The Smell of Dry Powder on the Mainland — Private Equity’s Prospects in China

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“I’m sorry, what?” No doubt, those are three words you never want to hear from the moderator of the presidential debate in which you are engaged…on national television. The year was 1976 and The New York Times’ Max Frankel was visibly flummoxed when President Gerald Ford famously said, “There is no Soviet Domination of Eastern Europe.” Frankel was diplomatic enough to clarify, to give Ford a Freudian out: “Did I understand you to say, sir, that the Russians are not using Eastern Europe as their own sphere of influence in occupying most of the countries there and making sure with their troops that it’s a communist zone?” In what would haunt him to the day he lost the election, Ford insisted that Poland, Romania and Yugoslavia were free from Soviet interference.

What’s sad is that Ford likely misspoke and dug deeper not wanting to appear to have gaffed. He had full grasp of the Soviet’s reach. In a recently de-classified phone transcript from December 10, 1975, Ford’s Secretary of State Henry Kissinger urged the president to clamp down on resistance inside Donald Rumsfeld’s Pentagon. Preoccupied with the upcoming election, Ford decided to placate the hawks who opposed Kissinger’s policies of détente and strategic arms control. As Ambassador Raymond Garthoff remarked years later, 1976 was a “turning point in American-Soviet relations” because the Ford White House decided to “shelve” détente until after the elections.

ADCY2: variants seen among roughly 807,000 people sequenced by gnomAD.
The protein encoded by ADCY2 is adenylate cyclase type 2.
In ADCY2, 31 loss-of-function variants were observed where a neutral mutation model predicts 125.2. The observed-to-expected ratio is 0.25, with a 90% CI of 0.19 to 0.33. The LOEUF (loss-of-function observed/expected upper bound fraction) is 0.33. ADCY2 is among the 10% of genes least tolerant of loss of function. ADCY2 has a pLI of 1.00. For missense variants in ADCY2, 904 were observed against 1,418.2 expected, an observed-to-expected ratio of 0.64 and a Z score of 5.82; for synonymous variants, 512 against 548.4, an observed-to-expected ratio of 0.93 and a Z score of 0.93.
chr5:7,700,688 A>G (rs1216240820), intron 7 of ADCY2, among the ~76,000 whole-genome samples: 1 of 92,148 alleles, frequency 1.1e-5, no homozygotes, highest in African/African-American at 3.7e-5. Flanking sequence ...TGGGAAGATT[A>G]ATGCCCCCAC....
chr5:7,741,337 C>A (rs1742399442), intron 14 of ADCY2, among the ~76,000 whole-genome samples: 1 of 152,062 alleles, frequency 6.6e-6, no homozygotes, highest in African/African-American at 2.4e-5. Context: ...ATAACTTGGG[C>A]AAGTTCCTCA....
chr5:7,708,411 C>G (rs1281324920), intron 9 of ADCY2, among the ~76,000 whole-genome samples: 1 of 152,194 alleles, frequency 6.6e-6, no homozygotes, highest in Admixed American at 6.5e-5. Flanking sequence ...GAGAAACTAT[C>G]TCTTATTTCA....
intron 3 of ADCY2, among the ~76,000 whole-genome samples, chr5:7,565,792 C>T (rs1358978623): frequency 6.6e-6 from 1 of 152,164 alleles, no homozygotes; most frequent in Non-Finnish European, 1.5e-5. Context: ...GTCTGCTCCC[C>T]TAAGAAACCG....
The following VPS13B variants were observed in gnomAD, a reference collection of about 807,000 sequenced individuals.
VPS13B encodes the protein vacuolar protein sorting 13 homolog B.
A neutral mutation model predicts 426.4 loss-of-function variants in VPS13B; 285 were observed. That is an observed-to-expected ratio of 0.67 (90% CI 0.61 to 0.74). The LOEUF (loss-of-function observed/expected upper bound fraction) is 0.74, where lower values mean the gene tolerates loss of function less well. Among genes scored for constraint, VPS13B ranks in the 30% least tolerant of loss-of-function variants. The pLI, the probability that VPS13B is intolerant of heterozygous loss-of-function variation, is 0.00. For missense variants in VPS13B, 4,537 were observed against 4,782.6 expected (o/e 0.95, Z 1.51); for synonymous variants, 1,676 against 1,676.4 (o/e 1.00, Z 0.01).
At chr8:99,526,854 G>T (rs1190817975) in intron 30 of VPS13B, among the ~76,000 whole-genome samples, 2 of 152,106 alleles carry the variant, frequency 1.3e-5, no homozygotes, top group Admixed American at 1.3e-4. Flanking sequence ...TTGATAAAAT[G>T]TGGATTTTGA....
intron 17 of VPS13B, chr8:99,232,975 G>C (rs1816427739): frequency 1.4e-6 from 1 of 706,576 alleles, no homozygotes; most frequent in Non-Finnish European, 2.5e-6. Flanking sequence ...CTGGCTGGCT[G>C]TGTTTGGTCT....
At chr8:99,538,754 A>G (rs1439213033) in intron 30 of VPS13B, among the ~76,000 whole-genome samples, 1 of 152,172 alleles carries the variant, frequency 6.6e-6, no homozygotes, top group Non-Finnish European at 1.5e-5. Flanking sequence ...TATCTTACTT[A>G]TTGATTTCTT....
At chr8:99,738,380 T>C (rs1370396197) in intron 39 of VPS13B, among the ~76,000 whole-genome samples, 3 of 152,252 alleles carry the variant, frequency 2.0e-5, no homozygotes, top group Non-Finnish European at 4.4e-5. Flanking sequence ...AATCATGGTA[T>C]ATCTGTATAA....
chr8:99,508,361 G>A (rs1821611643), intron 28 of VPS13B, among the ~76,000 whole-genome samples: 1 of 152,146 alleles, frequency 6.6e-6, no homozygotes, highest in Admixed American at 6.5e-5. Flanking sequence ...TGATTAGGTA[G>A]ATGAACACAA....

Not only did the hawks not get their way in the end, they lost their man in the White House who was replaced by one James Earl Carter, Jr., the 76th governor of Georgia who went on to become the 39th U.S. President. Garthoff, who served as ambassador to Bulgaria under Carter and considered to be a preeminent Cold War expert, was not Carter’s closest foreign affairs advisor. When Carter announced his candidacy to an incredulous media, he proclaimed himself to be an “eager student” of a Polish American diplomat by the name of Zbigniew Brzezinski, who would go on to become his National Security Advisor.
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Danielle DiMartino Booth is CEO and Director of Intelligence at Quill Intelligence

For a full archive of my writing, please visit my website —  www.DiMartinoBooth.com

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